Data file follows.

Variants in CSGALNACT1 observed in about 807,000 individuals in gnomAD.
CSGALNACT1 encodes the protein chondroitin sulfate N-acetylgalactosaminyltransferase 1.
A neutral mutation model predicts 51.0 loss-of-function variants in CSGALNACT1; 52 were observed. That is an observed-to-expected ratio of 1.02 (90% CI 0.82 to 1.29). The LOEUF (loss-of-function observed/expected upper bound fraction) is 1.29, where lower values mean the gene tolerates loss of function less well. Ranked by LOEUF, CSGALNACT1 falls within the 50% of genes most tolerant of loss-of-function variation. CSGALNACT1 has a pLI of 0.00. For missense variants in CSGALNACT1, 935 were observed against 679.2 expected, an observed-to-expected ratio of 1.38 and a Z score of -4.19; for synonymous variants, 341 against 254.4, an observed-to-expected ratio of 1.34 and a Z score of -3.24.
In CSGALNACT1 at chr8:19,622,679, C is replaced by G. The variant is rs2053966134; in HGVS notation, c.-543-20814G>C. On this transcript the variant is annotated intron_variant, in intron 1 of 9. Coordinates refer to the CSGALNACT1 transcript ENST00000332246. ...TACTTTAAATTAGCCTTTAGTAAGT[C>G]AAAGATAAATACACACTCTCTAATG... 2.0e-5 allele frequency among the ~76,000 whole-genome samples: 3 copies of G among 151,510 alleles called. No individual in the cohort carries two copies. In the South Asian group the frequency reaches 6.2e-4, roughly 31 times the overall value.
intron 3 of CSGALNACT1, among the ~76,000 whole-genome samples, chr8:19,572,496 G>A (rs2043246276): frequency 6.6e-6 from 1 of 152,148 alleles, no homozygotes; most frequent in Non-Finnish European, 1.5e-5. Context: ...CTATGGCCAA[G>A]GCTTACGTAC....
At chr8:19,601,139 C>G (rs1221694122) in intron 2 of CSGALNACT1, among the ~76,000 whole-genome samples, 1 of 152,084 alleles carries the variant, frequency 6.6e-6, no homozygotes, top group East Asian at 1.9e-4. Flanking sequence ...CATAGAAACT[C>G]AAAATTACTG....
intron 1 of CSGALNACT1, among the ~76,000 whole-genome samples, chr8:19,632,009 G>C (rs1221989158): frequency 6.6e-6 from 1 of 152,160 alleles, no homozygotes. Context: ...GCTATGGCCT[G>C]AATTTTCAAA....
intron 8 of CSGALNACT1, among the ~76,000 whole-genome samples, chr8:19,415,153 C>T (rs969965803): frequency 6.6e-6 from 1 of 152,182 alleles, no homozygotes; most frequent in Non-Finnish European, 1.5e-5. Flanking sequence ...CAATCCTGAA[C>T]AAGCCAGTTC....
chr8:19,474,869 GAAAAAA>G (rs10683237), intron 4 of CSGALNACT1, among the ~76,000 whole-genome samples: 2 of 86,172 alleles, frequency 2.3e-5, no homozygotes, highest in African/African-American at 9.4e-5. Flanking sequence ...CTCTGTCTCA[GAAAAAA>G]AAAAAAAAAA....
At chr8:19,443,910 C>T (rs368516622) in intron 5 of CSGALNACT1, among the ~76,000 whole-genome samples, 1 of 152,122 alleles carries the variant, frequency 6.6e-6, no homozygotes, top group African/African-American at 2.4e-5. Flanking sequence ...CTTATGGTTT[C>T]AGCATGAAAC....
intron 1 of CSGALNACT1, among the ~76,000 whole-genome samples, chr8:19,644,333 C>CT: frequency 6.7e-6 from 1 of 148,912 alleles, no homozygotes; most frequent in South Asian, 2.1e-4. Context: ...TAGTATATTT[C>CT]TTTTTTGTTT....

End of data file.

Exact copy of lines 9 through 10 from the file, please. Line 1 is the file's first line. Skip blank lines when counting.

chr8:19,474,869 GAAAAAA>G (rs10683237), intron 4 of CSGALNACT1, among the ~76,000 whole-genome samples: 2 of 86,172 alleles, frequency 2.3e-5, no homozygotes, highest in African/African-American at 9.4e-5. Flanking sequence ...CTCTGTCTCA[GAAAAAA>G]AAAAAAAAAA....
At chr8:19,443,910 C>T (rs368516622) in intron 5 of CSGALNACT1, among the ~76,000 whole-genome samples, 1 of 152,122 alleles carries the variant, frequency 6.6e-6, no homozygotes, top group African/African-American at 2.4e-5. Flanking sequence ...CTTATGGTTT[C>T]AGCATGAAAC....